Most of the campaign cash Charlie Rangel has raised this election cycle has gone to legal fees, according to his campaign finance reports. I go into more detail on the law firms — and who would give to his campaign, knowing this fact — in my column today, but I wanted to address in more depth the question of why he can do this.
The House Ethics Committee explains:
Payment of Certain Legal Expenses. The Standards Committee has determined that it is generally permissible under House Rules for a Member to use campaign funds to defend legal actions arising out of his or her campaign, election, or the performance of official duties. The basis of this determination is that the protection of a Member’s presumption of innocence in such actions is a valid political purpose. Use of campaign funds to pay the legal expenses incurred in other kinds of legal actions may also be permissible. However, campaign funds may not be used when the action is primarily personal in nature, such as a matrimonial action, or could result in a direct personal benefit for the Member.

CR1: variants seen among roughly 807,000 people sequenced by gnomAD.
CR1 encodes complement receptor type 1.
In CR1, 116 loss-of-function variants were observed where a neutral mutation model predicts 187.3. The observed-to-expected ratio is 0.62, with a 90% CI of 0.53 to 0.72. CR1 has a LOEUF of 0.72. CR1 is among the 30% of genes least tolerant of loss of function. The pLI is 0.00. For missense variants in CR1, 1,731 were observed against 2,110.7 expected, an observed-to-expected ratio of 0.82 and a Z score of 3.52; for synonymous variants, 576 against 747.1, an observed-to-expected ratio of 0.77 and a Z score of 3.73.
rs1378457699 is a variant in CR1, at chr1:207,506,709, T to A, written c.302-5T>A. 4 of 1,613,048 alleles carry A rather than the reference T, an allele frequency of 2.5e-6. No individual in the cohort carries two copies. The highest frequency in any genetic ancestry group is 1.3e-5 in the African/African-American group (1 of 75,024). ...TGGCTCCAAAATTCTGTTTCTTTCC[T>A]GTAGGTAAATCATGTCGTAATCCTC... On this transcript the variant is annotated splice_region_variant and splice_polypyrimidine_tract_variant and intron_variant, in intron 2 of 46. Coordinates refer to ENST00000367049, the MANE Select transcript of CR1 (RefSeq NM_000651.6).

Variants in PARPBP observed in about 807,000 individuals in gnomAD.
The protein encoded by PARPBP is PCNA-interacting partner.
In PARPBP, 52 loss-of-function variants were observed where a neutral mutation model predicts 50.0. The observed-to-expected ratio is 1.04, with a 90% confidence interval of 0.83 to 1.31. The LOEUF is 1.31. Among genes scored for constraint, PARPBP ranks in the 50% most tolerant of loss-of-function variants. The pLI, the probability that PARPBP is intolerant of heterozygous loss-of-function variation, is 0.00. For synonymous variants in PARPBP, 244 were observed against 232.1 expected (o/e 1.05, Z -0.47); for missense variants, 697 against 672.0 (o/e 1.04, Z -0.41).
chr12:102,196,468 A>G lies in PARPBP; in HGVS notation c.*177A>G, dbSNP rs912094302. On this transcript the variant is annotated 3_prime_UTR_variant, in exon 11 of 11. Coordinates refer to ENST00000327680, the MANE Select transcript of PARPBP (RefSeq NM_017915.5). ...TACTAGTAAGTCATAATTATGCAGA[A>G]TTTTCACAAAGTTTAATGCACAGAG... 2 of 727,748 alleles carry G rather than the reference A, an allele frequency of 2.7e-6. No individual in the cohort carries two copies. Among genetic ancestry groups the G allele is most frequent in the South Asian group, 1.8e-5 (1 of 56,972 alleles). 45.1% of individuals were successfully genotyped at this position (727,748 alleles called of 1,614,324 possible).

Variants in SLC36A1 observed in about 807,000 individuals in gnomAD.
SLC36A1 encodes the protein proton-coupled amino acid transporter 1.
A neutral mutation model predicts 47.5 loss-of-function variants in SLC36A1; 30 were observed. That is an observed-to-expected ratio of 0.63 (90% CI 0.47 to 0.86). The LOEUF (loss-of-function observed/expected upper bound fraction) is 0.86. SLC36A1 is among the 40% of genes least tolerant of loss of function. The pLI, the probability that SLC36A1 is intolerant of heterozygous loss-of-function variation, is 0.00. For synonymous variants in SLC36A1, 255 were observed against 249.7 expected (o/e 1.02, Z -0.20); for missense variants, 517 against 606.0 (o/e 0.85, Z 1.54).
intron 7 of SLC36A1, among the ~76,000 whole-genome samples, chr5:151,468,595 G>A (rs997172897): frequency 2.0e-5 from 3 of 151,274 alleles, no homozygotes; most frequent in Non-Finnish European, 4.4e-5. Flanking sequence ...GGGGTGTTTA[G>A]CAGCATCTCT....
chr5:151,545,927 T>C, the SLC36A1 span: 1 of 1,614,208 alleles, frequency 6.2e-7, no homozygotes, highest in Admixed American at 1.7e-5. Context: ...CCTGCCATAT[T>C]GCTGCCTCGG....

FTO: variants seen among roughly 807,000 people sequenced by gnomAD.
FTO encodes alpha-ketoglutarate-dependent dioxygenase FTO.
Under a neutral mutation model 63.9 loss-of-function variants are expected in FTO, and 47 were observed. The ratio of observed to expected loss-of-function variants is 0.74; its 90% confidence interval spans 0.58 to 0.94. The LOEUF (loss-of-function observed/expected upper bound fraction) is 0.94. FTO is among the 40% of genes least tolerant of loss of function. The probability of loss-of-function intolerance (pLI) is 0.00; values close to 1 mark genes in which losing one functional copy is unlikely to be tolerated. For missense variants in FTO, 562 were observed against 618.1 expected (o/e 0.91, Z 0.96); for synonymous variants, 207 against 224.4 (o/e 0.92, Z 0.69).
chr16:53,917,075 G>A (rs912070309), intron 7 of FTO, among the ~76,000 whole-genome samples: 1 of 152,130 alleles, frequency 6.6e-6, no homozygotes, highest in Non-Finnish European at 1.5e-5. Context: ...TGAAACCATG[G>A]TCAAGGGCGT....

So, you see, basically any legal defense — even if it’s for a charge or suit completely unrelated to your official duties or your role as a candidate — can be billed to your campaign, because any defense counts as “protection of a Member’s presumption of innocence,” which is “a valid political purpose.”
That’s why the Daily News wrote last week that Rangel’s personal financial well-being — if he were to face criminal or civil charges — depends on his staying in office.